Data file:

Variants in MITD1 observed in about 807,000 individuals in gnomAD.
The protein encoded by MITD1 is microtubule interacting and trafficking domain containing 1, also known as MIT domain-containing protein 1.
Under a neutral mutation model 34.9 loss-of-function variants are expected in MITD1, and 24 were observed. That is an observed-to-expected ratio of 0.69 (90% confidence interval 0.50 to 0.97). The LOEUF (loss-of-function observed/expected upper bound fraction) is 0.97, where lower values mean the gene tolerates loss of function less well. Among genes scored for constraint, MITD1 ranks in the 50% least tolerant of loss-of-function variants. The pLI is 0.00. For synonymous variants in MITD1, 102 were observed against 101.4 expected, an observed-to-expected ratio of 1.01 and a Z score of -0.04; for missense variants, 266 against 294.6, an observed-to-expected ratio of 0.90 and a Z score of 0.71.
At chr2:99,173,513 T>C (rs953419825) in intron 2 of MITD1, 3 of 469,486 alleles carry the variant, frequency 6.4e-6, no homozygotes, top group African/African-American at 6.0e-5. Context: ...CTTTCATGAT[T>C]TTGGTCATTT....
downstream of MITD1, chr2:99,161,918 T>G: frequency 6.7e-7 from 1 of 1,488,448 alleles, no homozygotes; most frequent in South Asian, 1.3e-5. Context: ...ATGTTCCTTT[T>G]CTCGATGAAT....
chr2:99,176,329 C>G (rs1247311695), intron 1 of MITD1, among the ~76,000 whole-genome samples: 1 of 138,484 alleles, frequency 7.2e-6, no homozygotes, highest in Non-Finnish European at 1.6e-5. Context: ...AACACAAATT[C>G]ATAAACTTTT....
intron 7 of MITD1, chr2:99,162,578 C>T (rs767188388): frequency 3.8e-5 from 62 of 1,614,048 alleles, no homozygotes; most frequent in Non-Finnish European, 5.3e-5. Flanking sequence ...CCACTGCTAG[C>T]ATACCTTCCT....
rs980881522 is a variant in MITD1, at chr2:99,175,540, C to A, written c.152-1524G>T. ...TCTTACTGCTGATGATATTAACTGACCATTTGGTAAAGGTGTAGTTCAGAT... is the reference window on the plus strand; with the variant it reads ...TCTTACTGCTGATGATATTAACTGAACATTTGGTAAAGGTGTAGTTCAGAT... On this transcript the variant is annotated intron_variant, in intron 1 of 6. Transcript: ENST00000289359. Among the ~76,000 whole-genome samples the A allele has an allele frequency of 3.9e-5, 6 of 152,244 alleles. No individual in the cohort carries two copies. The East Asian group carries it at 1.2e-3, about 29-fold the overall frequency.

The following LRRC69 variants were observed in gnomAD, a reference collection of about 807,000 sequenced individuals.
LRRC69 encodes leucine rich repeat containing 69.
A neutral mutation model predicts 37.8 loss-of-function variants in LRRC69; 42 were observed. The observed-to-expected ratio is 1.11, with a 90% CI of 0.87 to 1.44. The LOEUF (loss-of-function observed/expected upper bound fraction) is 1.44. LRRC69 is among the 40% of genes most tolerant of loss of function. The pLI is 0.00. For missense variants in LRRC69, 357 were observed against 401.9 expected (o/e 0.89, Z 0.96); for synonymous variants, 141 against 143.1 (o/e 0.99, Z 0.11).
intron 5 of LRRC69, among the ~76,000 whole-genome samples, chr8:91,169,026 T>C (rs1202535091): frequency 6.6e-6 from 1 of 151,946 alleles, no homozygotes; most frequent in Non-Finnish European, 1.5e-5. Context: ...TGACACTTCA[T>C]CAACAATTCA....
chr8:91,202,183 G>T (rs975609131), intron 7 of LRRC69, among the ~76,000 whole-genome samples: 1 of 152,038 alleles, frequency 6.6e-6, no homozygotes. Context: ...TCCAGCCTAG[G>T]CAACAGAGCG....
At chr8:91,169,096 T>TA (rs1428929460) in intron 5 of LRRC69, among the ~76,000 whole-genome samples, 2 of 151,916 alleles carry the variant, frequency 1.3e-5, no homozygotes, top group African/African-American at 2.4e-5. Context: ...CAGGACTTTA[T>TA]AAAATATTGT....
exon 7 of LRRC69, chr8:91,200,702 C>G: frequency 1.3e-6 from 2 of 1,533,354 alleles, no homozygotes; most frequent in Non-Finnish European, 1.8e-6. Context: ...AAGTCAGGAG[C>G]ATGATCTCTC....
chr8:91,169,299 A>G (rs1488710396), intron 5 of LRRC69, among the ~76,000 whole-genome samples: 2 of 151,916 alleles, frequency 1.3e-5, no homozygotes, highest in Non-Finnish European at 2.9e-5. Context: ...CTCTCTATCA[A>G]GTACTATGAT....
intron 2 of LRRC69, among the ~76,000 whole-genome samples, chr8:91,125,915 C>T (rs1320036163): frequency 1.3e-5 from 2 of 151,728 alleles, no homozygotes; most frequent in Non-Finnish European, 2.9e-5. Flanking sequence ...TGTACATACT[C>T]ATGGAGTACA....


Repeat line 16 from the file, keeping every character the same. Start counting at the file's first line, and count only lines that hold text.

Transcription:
chr8:91,169,299 A>G (rs1488710396), intron 5 of LRRC69, among the ~76,000 whole-genome samples: 2 of 151,916 alleles, frequency 1.3e-5, no homozygotes, highest in Non-Finnish European at 2.9e-5. Context: ...CTCTCTATCA[A>G]GTACTATGAT....